Visual Intelligence: Perception, Image, and Manipulation in Visual Communication

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SUNY Press, 1997 - Psychology - 425 pages
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Today, our environment is dominated by the visual. This book explores "visual intelligence" as a basic and indispensable tool of cultural survival. The author offers a practical manual on a non-superficial level for those who seriously want to know how images are processed, how they function in relation to our innermost beings, and how they form the psychological fabric of our political, social, and economic environment. Barry defines how we derive meaning from images and examines perceptual process, how it has evolved, and the role it plays in our thinking. She critically examines the concept of rationality and explores how visual logic works to create meaning. The book goes behind the obvious and beyond the superficial as it critically examines the visual power and logic of images, cutting across a variety of areas: perceptual psychology, art, television, film, literature, advertising, and politics.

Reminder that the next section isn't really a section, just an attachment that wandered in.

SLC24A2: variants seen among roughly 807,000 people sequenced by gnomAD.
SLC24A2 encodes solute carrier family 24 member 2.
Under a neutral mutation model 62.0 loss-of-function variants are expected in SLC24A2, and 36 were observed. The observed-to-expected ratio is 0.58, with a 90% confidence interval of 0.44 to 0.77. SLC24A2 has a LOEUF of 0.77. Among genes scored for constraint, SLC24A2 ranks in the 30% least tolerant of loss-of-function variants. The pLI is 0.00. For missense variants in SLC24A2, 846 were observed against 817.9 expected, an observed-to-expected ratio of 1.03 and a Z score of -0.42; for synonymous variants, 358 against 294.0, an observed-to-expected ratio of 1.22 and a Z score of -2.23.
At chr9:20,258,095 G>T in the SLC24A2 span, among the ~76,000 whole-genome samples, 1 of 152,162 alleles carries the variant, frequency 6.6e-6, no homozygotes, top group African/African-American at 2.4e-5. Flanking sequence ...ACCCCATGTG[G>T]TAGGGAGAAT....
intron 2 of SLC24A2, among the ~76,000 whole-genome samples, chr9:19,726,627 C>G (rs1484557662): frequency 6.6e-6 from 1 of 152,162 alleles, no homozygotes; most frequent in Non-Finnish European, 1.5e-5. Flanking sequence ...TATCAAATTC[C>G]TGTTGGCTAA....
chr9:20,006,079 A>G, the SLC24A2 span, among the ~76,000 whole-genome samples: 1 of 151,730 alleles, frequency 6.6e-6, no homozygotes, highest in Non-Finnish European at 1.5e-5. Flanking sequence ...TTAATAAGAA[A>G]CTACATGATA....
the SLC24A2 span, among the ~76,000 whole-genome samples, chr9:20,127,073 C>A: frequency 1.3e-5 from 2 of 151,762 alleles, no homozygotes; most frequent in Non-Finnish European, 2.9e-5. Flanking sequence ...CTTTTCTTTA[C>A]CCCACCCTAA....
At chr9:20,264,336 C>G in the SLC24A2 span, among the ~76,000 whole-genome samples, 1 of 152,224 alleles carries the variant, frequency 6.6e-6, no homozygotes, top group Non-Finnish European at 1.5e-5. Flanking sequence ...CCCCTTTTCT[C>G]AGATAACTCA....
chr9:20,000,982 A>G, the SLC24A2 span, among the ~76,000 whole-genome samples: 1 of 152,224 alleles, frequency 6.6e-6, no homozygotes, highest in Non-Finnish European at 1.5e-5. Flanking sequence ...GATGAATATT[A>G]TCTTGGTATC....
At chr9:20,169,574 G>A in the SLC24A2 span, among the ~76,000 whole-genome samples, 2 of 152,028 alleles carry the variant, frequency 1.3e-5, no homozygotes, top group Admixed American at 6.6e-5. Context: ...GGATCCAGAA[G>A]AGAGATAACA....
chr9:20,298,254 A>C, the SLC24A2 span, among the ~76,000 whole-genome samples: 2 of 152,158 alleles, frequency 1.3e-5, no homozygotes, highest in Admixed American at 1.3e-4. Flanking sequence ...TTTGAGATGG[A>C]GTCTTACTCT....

The second section of Visual Intelligence examines the role which various media play in creating the images which impact our lives: how visual images create a language with profound psychological meaning, and how print, television, and film media manipulate images to create desired emotional effects. Close-ups explore visual subtleties in such areas as digital manipulation, camera attitudes, and contextual framing, as well as the social consequences of "image" as an abstract concept expressed in concrete visual terms. Part III looks critically at the most controversial areas of image persuasiveness today--advertising, politics, and entertainment.

 

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Contents

Perceiving Images
15
The Nature and Power of Images
69
Mediated Images
107
Videos Moving Images
157
Film Logic and Rhetoric
191
Controversial Images
253
Political Images Public Relations Advertising and Propaganda
281
Media Images and Violence
301
Conclusion
333
Notes
339
Bibliography
389
Index
417
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Page 4 - Television can no longer be considered as a casual part of daily life, as an electronic toy. Research findings have long since destroyed the illusion that television is merely innocuous entertainment.

References to this book

Visual Consumption
Jonathan Schroeder
No preview available - 2002
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About the author (1997)

Ann Marie Seward Barry is Associate Professor of Communication at Boston College. She is the author of The Advertising Portfolio.

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